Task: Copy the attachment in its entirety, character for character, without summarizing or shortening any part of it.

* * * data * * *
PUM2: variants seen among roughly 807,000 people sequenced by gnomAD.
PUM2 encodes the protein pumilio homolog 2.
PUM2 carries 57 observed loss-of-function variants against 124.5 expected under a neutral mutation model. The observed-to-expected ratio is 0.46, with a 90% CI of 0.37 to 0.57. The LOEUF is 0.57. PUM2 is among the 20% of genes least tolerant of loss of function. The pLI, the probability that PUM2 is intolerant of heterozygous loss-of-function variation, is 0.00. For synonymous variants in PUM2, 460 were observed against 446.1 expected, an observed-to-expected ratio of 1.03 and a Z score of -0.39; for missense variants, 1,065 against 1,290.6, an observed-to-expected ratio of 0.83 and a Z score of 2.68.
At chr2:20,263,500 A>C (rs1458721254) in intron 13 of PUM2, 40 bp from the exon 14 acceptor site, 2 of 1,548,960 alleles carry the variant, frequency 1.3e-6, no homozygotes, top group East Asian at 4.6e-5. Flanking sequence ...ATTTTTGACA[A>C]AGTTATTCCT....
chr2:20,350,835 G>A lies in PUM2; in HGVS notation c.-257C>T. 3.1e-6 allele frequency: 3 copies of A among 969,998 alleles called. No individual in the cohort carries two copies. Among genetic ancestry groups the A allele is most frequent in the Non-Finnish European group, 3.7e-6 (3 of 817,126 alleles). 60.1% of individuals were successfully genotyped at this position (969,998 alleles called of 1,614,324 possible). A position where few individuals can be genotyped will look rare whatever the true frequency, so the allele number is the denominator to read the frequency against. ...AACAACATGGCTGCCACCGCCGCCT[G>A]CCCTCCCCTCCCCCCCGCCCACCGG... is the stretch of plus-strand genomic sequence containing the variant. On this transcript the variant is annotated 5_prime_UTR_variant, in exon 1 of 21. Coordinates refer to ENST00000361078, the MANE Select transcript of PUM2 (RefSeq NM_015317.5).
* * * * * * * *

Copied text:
PUM2: variants seen among roughly 807,000 people sequenced by gnomAD.
PUM2 encodes the protein pumilio homolog 2.
PUM2 carries 57 observed loss-of-function variants against 124.5 expected under a neutral mutation model. The observed-to-expected ratio is 0.46, with a 90% CI of 0.37 to 0.57. The LOEUF is 0.57. PUM2 is among the 20% of genes least tolerant of loss of function. The pLI, the probability that PUM2 is intolerant of heterozygous loss-of-function variation, is 0.00. For synonymous variants in PUM2, 460 were observed against 446.1 expected, an observed-to-expected ratio of 1.03 and a Z score of -0.39; for missense variants, 1,065 against 1,290.6, an observed-to-expected ratio of 0.83 and a Z score of 2.68.
At chr2:20,263,500 A>C (rs1458721254) in intron 13 of PUM2, 40 bp from the exon 14 acceptor site, 2 of 1,548,960 alleles carry the variant, frequency 1.3e-6, no homozygotes, top group East Asian at 4.6e-5. Flanking sequence ...ATTTTTGACA[A>C]AGTTATTCCT....
chr2:20,350,835 G>A lies in PUM2; in HGVS notation c.-257C>T. 3.1e-6 allele frequency: 3 copies of A among 969,998 alleles called. No individual in the cohort carries two copies. Among genetic ancestry groups the A allele is most frequent in the Non-Finnish European group, 3.7e-6 (3 of 817,126 alleles). 60.1% of individuals were successfully genotyped at this position (969,998 alleles called of 1,614,324 possible). A position where few individuals can be genotyped will look rare whatever the true frequency, so the allele number is the denominator to read the frequency against. ...AACAACATGGCTGCCACCGCCGCCT[G>A]CCCTCCCCTCCCCCCCGCCCACCGG... is the stretch of plus-strand genomic sequence containing the variant. On this transcript the variant is annotated 5_prime_UTR_variant, in exon 1 of 21. Coordinates refer to ENST00000361078, the MANE Select transcript of PUM2 (RefSeq NM_015317.5).